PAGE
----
Posts filed under ‘Nude Hikes’

>February Nude Hikes


On the viewpoint atop the Upper Wall above Index, WA.
 It is a sheer 1,200ft drop from the edge.
So . . . the snows are back . . . la Nina doing her thing.  But we did get at brief warming spell at the beginning of the month and a few opportunities to get out and hike nude.
The highlight was the exploration of the Index Town Walls, a promenade of sheer granite cliffs and crags that is relatively unknown outside of the rock climbing community.  I came across them by accident while driving the Index-Reiter road route looking for possibilities to get in a hike . . . came across this small gravel parking lot full of cars and . . . wondered.  Was this the trailhead assemblage for the rumored-about cliffs?
It was but it took several trips and some exploring to figure out the layout . . . and an eventual hike nude to the top and a marvelous lookout over the town of Index and the mountains surrounding.  Unlike the brave folk who endangered their lives by climbing the sheer granite faces, I stumbled upon the trail to the top in a less technical fashion.  And I had it all to myself.
I did a few other hikes off the Index-Galena road plus a visit to Scenic Hot Springs and a logging road near Grotto.  Cold weather hiking but nonetheless, challenged and invigorating.

The jAblum of these hikes is here.


March 5, 2011 at 5:09 pm 1 comment

>Boss Creek Nude Rain Hike

> . . . well, actually more of a stroll as it was short, aimless and I was certainly not in a hurry to go anywhere.

Anyway, working on my hiking legs and stamina and a real desire just to get out there and feel good.  Enjoy . . . I did.

The rest of the album is here.

February 7, 2011 at 8:09 am Leave a comment

>My First Nude Hike of 2011-The Backtrail by Scenic Creek Falls


Entering the back trail on the way down to the lower Scenic Creek Falls
My fellow steward at Scenic Hot Springs has been keeping me up to date of the conditions up there (myself not able to visit because of cancer issues).  The other day he called to give me news on a landslide at Scenic.  The way he described the mess tempted me to attempt an impromptu visit to Scenic . . . so off I went . . . dressed against the cold.
I never did make it all the way up to the springs, dallying around the site of the slide.  The damage to the BPA road surfaces was significant as can be seen in my Scenic Hot Springs blog post, Winter Storm Damage at Scenic Hot Springs.
Coming back down I like to take the back route via the lower Scenic Creek waterfalls.  On a lark I decided to try the last mile or so nude.  So off came the clothes . . . heavy parka, fleece outers, thermal underwear.  It’s been a long time since I’ve been able to enjoy hiking the way I like to so this was very refreshing despite the air temperatures hovering just below freezing . . . and dropping as the sun set lower.  What really surprised me was how easily my body took the cold weather.  No shivering or feelings of cold whatsoever.    I have no explanations . . . I haven’t gone through any cold weather aclimization.  One note is, dressed as heavily as I was on the trek up, I did feel the chill.  Nude . . . colder out and minus all that unnecessary clothing, I felt entirely comfortable.  Makes one think . . . do we really need all those clothes, all the time to protect us from the elements.  Nude is entirely natural!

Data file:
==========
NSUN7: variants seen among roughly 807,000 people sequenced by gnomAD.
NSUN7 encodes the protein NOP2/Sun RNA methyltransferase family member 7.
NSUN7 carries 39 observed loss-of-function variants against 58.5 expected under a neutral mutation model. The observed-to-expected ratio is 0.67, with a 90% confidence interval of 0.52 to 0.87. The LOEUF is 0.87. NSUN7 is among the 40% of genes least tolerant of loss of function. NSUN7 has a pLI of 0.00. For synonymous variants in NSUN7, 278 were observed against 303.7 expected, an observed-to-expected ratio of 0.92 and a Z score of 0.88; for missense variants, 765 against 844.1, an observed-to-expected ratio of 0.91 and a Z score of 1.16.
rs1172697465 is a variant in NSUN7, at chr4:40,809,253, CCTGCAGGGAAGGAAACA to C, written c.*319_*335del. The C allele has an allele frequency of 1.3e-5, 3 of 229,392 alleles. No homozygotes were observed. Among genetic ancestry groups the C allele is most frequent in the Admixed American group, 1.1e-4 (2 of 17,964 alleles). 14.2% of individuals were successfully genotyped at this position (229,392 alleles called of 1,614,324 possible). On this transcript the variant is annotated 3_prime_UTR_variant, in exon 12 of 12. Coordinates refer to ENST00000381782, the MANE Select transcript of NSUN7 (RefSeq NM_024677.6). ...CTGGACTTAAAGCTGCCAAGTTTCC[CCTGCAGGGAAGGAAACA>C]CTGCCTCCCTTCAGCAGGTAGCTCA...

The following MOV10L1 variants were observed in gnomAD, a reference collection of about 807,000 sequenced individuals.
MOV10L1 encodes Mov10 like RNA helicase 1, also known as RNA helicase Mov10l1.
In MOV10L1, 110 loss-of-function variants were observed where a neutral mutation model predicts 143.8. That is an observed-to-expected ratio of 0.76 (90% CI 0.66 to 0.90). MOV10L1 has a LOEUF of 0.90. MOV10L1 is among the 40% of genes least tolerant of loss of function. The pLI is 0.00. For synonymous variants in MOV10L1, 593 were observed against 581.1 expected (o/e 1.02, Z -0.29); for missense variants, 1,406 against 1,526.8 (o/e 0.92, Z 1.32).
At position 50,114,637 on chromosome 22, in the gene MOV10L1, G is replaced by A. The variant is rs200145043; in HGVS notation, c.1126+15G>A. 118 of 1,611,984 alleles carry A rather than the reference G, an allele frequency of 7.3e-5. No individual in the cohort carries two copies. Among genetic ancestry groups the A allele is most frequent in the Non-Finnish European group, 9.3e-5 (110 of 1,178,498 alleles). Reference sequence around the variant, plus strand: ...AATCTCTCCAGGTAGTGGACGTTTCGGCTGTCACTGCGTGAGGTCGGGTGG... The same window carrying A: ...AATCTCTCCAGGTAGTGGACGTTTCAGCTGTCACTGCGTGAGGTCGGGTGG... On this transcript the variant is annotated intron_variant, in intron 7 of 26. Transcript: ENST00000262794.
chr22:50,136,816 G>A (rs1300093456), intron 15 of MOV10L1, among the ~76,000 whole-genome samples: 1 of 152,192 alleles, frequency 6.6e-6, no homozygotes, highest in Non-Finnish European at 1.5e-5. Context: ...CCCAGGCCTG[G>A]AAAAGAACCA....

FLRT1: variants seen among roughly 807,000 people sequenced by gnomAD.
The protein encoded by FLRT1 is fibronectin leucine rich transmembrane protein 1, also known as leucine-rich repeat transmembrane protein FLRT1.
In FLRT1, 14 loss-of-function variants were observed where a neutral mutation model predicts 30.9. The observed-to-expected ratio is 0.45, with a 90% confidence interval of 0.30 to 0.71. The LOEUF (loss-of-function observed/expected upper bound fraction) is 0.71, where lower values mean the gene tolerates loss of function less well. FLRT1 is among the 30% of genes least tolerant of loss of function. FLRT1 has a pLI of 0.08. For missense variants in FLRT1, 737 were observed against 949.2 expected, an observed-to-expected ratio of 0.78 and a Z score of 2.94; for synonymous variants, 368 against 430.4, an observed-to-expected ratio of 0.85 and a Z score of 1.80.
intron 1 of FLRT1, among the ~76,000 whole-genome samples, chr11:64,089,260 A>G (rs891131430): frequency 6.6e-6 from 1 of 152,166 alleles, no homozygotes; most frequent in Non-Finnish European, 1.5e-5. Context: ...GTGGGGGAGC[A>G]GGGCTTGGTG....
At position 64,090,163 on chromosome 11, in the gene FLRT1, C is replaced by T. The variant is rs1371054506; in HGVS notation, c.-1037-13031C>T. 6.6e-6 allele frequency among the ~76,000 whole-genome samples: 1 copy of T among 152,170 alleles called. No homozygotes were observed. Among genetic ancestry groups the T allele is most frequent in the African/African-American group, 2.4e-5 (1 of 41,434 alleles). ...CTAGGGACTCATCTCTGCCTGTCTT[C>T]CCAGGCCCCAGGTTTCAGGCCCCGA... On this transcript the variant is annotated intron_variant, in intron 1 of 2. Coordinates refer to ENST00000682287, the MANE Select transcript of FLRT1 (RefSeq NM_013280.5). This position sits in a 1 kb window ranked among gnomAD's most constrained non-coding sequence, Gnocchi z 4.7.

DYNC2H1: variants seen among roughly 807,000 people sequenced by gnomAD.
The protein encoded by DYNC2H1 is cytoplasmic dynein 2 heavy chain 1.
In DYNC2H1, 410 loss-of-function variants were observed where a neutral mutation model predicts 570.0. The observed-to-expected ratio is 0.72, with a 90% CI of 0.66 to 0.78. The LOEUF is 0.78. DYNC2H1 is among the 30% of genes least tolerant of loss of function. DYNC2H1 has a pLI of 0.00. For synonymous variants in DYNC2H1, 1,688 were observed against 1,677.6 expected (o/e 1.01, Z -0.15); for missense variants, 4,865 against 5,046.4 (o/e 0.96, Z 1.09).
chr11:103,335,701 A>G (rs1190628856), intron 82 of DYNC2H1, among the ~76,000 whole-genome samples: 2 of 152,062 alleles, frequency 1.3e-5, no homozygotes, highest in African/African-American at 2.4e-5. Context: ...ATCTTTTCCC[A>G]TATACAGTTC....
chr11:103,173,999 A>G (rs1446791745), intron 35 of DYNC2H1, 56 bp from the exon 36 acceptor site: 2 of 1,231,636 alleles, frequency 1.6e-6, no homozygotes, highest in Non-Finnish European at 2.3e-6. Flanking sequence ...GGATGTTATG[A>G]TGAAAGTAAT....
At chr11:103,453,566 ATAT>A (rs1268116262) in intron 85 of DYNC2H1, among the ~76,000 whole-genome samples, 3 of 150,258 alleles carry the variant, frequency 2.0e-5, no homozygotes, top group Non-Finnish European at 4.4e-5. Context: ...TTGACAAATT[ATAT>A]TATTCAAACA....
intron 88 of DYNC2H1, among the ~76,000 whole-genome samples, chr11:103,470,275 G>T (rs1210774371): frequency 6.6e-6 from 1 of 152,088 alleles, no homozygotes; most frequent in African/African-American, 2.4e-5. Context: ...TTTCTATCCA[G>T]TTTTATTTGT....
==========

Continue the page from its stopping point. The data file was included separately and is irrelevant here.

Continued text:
Anyway, I am now hungry for getting back out there and hiking nude.

The JAlbum Photo Album of this hike is here.

The photo album of the Winter Damage to the Scenic Hot Springs area is here.

February 4, 2011 at 3:23 pm Leave a comment

>Cold Weather Nude Hiking (Repost)


Be Prepared When Nude Hiking in Cold Weather

Originally posted Thursday, January 17, 2008

A repost of this article for the upcoming cold weather die-hard . . . wish I was amongst you
36 degs F. and comfortable
I’ve gotten a few emails from readers wanting to get out there and hike nude in the snow. For most of us the mere thought of getting naked in near-freezing weather does not sound like very much fun, but I can assure you that the human body is very much capable of dealing with cold weather and the experience can actually be very comfortable, serene, invigorating and freeing. You just need to take some commonsense precautions. If that weren’t enough to get you out there, trails and routes that are otherwise too popular or overrun by textiles and families in the warmer months are often all yours with nary another soul to bother you (heck, the lack of tracks in the snow tells you no one is on the trail ahead of you!)

Perhaps I should call it “nude backpacking” as opposed to nude hiking or free-hiking. During the warmer months on shorter day routes I prefer to hike with the least amount of covering possible (a hat, hiking shoes and a fanny pack slung over my shoulder . . . sometimes absolutely nothing at all.) I’ve been known to take all my clothes off, stack them neatly and wander off completely naked as the day I was born. One writer describes that type of exercise as an epiphany for the now, newly converted nudist. You will never want to hike in any other form . . . except when the weather requires it.

In winter (or any weather that is likely to turn inclement) you’d be foolish to hike without the essentials to insure your survival should things go wrong. One reader commented on the size of my backpack, asking how much it weighed. Well, it does look big on my back but if you pack judiciously a ‘survival’ pack could weigh in about 15-25 lbs which is easily carried in a well-balanced backpack. For me, the most cold-sensitive portion of my anatomy is my back . . . a cold chill down the spine can instantly send me into shivers. Since the pack sits slung over my back I tend to stay warm in that area.